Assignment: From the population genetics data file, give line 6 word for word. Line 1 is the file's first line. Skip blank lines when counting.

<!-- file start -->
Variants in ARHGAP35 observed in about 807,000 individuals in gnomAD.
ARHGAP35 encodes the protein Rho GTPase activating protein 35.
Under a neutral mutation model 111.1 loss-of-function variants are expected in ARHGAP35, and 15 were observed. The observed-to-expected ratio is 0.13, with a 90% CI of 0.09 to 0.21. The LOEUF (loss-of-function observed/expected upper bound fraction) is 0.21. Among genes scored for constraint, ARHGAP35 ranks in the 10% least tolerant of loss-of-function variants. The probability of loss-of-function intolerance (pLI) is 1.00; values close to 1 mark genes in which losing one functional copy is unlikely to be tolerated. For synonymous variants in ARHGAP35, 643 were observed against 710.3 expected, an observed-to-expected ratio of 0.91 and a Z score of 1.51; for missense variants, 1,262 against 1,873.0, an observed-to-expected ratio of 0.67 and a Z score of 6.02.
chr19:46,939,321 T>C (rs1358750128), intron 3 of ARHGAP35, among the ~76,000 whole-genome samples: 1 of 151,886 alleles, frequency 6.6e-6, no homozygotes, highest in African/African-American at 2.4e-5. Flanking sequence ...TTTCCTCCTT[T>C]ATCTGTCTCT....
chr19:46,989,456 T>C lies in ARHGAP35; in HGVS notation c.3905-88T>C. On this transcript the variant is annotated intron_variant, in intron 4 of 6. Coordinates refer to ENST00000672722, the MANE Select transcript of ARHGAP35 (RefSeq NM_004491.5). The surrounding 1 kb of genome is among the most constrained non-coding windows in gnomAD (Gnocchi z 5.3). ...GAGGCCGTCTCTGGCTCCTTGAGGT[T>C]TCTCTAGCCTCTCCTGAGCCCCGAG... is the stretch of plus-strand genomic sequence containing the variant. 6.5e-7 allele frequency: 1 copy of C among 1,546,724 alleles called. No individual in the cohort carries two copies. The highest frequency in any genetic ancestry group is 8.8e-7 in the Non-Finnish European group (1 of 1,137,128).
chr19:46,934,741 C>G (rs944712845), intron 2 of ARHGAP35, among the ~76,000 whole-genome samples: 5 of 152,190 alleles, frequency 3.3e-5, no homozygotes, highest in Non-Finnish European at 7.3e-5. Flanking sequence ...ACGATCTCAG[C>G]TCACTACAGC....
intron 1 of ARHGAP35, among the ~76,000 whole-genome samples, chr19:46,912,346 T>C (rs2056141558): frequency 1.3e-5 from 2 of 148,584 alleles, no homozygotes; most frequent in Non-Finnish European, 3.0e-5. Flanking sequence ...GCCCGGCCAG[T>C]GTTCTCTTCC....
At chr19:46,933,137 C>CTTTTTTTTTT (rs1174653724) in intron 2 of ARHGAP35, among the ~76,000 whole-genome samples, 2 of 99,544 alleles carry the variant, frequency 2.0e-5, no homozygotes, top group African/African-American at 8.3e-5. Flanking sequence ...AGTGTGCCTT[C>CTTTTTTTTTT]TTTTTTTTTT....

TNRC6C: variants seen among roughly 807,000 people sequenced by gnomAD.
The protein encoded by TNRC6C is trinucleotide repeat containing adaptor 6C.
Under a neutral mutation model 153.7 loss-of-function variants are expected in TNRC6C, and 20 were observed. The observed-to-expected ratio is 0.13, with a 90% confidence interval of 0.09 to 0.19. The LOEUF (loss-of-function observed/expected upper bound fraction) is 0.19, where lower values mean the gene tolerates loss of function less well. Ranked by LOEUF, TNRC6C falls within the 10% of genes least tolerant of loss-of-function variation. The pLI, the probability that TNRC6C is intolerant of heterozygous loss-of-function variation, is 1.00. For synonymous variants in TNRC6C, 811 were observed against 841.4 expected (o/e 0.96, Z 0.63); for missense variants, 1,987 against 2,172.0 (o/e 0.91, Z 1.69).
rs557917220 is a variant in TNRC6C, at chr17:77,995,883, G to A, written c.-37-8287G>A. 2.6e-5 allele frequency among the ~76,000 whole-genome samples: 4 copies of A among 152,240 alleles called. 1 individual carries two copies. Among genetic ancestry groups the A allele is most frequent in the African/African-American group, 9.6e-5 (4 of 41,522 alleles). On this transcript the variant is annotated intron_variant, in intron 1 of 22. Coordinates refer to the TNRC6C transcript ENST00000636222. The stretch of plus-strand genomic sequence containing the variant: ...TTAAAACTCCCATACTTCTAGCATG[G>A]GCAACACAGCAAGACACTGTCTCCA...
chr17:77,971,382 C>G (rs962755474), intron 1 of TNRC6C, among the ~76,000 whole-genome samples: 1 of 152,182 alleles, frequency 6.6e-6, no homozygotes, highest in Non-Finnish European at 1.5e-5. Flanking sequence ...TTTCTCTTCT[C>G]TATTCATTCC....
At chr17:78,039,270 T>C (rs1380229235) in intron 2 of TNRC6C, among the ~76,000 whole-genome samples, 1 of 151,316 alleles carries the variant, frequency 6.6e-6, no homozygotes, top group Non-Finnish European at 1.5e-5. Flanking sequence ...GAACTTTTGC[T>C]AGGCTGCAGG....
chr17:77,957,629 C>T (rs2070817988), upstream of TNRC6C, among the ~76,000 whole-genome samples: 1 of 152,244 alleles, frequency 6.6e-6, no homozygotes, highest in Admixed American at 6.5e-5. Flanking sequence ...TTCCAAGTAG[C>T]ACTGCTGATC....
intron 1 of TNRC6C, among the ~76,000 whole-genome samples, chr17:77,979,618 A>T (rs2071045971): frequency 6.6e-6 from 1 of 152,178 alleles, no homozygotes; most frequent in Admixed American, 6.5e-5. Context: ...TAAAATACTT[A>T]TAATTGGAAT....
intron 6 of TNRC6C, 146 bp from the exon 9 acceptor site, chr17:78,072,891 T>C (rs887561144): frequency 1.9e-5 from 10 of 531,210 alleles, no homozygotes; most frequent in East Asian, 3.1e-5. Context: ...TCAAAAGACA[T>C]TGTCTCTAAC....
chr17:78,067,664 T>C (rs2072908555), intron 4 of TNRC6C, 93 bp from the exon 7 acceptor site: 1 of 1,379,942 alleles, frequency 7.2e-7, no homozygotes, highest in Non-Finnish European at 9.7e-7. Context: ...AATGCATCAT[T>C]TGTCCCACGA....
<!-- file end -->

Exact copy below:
chr19:46,934,741 C>G (rs944712845), intron 2 of ARHGAP35, among the ~76,000 whole-genome samples: 5 of 152,190 alleles, frequency 3.3e-5, no homozygotes, highest in Non-Finnish European at 7.3e-5. Flanking sequence ...ACGATCTCAG[C>G]TCACTACAGC....